Efficient somatic and germline genome engineering of Bactrocera dorsalis by the CRISPR/Cas9 system

Zhao, STX, Z. Z.; Liu, Z. G.; Liu, Y. H.; Liu, X. R.; Chen, Z.; Li, J. H.; Yan, R. H.,  Pest Management Science,  75:1921-1932. 2019.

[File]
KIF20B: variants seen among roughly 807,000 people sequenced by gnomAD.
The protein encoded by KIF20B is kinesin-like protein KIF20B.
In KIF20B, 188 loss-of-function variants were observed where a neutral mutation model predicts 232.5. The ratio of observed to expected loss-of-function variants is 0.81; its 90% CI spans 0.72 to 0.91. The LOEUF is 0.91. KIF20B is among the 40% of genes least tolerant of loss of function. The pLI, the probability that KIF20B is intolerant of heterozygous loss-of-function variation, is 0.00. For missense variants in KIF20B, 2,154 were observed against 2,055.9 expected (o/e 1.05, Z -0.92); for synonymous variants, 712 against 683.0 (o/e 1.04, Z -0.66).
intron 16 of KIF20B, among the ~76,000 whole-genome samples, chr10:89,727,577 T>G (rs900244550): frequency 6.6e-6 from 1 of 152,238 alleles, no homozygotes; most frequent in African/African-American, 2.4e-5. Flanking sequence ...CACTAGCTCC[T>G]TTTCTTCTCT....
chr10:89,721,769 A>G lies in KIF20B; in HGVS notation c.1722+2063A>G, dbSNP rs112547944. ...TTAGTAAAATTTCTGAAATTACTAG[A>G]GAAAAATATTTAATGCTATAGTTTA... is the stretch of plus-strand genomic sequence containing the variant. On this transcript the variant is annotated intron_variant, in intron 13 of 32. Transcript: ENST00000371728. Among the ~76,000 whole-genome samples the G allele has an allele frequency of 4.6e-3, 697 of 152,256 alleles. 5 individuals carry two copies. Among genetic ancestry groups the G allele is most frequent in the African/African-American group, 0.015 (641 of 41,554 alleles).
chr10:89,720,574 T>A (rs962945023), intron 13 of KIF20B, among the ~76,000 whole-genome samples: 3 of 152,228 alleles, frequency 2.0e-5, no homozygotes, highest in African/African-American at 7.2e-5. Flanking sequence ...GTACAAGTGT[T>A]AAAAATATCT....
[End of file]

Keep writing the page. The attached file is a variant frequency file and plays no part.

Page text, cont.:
Bactrocera dorsalis (Hendel), a very destructive insect pest of many fruits and vegetables, is widespread in many Asian countries. To facilitate control of this pest, it is essential to investigate its genetics and gene function using targeted gene disruption. RESULTS Here, we describe successful targeted mutagenesis of the white and transformer genes in B. dorsalis through use of the clustered regularly interspaced short palindromic repeats/CRISPR-associated 9 (CRISPR/Cas9) system. Co-injection of the white sgRNA and Cas9 mRNA into B. dorsalis embryos caused eye color change, and the white mutations in the germline were heritable. CRISPR-mediated knockout of the sex determination gene transformer (tra) in B. dorsalis resulted in a male-biased sex ratio and adult flies with abnormal outer and interior reproductive organs. Small indels and substitutions were induced by CRIRPR for both genes. CONCLUSION Our data demonstrate that somatic and germline genome engineering of the pest B. dorsalis can be performed efficiently using the CRISPR/Cas9 system, opening the door to the use of the CRISPR-mediated method for functional annotations of genes in B. dorsalis and for its population control using, for example, such as gene drive. (c) 2018 Society of Chemical Industry